Quite right, many ways to skin a cat, glad you have found your own particular knife. Personally I quite like them with some what larger value bars to smooth out overnight session and lunch time doldrums to get the bigger picture. I also quite like using them with Drummond Geometry.

 

It's kind of interesting to see how things change for example with Drummond 59's often turn into 53's. With candles A WRB often turns in to three white soldiers. (of course it would do if it was a high volume time based WRB). If you get a WRB bar on a CV chart it means something quite different to on a time based chart (it after all needs a large movement on relatively low volume to form).

 

Interesting to see where you go with all this.

 

Cheers.

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Ahh OK pardon me I must have missed that maybe it was on the other VBC thread. Actually I have been travelling a lot recently and probably just missed it. Of course the good prof didn't invent these bars or anything he's just a vocal proponent as I said.

 

Quite right, many ways to skin a cat, glad you have found your own particular knife. Personally I quite like them with some what larger value bars to smooth out overnight session and lunch time doldrums to get the bigger picture. I also quite like using them with Drummond Geometry.

 

It's kind of interesting to see how things change for example with Drummond 59's often turn into 53's. With candles A WRB often turns in to three white soldiers. (of course it would do if it was a high volume time based WRB). If you get a WRB bar on a CV chart it means something quite different to on a time based chart (it after all needs a large movement on relatively low volume to form).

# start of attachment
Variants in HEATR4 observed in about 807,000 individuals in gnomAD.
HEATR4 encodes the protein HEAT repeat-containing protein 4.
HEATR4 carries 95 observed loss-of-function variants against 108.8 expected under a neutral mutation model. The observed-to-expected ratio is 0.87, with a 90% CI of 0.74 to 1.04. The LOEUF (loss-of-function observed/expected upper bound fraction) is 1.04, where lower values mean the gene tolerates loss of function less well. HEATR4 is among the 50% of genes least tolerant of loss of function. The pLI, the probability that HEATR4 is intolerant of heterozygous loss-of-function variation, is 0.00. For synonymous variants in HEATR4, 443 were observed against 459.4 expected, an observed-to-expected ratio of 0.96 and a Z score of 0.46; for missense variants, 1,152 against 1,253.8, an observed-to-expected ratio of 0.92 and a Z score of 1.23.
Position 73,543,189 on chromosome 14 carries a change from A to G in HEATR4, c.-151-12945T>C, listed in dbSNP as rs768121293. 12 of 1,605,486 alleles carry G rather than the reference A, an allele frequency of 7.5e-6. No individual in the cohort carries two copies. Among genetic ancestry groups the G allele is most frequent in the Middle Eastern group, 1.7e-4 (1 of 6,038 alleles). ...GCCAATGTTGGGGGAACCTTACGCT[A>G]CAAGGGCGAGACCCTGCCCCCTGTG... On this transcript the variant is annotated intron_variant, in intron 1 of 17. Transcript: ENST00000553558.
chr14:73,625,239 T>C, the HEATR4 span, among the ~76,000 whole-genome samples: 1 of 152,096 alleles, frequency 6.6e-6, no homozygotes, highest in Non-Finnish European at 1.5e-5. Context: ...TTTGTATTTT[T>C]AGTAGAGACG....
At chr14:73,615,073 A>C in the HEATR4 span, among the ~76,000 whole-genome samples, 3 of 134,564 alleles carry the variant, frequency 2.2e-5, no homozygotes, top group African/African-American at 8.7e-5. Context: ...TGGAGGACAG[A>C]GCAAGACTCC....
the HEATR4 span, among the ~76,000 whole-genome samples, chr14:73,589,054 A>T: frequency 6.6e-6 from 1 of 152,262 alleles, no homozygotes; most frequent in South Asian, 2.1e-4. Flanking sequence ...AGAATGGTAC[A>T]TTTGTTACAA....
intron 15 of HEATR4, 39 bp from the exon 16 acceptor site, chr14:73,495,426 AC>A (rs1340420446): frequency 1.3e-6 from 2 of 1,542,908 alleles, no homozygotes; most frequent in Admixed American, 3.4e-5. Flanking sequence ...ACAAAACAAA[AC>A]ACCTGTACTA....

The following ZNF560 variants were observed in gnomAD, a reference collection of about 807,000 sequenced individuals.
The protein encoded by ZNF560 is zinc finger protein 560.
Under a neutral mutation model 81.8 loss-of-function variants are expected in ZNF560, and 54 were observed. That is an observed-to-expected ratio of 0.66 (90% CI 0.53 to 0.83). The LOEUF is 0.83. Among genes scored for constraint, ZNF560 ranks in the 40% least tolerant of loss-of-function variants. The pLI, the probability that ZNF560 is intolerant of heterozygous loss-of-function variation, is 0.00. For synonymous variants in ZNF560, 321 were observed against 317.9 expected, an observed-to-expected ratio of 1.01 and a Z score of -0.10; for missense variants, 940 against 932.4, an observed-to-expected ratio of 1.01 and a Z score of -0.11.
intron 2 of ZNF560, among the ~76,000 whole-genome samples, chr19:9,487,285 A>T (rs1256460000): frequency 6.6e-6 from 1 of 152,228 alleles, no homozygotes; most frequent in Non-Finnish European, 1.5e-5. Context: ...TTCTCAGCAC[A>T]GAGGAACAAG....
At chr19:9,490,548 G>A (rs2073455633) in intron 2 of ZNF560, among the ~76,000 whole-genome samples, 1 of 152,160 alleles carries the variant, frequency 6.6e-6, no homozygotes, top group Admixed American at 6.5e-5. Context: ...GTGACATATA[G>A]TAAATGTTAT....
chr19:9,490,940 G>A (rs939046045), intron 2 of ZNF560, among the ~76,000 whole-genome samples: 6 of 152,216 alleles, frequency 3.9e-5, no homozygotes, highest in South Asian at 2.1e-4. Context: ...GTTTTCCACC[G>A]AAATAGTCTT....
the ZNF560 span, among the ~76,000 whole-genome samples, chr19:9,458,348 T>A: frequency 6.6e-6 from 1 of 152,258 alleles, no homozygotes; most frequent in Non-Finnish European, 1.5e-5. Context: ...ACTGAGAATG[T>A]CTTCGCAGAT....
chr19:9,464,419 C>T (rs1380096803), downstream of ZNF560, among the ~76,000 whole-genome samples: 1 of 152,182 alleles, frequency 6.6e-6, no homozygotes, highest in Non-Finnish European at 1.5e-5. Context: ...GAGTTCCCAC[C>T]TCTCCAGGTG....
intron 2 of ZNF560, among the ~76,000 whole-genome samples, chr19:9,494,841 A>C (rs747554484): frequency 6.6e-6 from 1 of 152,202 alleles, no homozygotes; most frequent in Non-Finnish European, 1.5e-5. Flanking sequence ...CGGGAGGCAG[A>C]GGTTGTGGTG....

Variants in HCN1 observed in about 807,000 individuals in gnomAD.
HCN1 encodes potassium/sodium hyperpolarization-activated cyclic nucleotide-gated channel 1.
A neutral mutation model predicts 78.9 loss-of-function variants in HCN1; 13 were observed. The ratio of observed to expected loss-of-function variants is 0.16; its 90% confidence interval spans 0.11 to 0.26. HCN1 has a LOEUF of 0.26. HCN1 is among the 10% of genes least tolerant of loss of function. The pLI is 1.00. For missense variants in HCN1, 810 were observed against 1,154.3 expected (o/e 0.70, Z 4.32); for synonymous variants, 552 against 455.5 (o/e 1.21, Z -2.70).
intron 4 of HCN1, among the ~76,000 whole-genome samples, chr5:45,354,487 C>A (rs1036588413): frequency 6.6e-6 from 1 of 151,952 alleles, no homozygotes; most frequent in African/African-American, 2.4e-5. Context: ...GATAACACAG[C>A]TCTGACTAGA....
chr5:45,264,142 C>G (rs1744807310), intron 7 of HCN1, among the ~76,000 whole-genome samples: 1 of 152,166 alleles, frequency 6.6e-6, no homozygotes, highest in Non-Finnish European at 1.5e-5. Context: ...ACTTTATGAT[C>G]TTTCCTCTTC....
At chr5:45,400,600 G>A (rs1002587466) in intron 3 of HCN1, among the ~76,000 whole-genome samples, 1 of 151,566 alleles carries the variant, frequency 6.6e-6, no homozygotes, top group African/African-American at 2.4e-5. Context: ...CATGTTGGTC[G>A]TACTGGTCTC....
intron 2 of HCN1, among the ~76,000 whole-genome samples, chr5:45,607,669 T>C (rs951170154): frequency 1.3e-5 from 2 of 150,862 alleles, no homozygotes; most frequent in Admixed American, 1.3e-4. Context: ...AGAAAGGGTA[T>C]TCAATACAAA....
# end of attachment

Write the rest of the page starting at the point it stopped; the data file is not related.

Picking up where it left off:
Interesting to see where you go with all this.

 

Cheers.

 

The reference was made in this thread, but just earlier in the thread.

 

You hit the nail on the head - VBC's smooth everything out. And if that works for you, as it does for me, it's invaluable to trading. Like you said, the overnight session and lunches are presented in quite a different light. As mentioned in the thread, I also love how these react around news announcements b/c it gives me the opportunity to get into a trade instead of waiting for a minute chart to form and then giving me a monstrous candle. I think there's some examples somewhere here, but it's worth looking at in my opinion for anyone reading this. Just open a minute chart and then open a VBC and see how things look to you!

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Brownsfan,

Having read this & the entire thread on elite trader I was wondering if you use anything else with the voume candles ( as prof logic does on elite trader) to assist or just the candle formations/patterns alone?

Mitch

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Brownsfan,

Having read this & the entire thread on elite trader I was wondering if you use anything else with the voume candles ( as prof logic does on elite trader) to assist or just the candle formations/patterns alone?

Mitch

 

Good question Mitch. I mainly use the VBC's for intraday trading to smooth the charts out. I am a candle trader by nature, so the VBC's seem to be a great fit with them. I'm mainly looking for strong candle patterns at support/resistance levels. I also want to be in trades when things are moving and the VBC allows just that.

 

Make sure to watch a VBC today before the Fed announcement and you will really see how these work in fast moving markets.

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JUST A REMINDER:

 

IF YOU REALLY WANT TO SEE THE POWER OF THE VBC, SET UP YOUR CHARTS TODAY BEFORE THE FED ANNOUNCEMENT AND JUST WATCH HOW THE VBC LOOKS COMPARED TO A MINUTE OR TICK CHART.

 

Today is a perfect example of how these can REALLY work.

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    • Thanks for your suggestions man!! Our own decision surely makes us or breaks us. Thanks once again, buddy.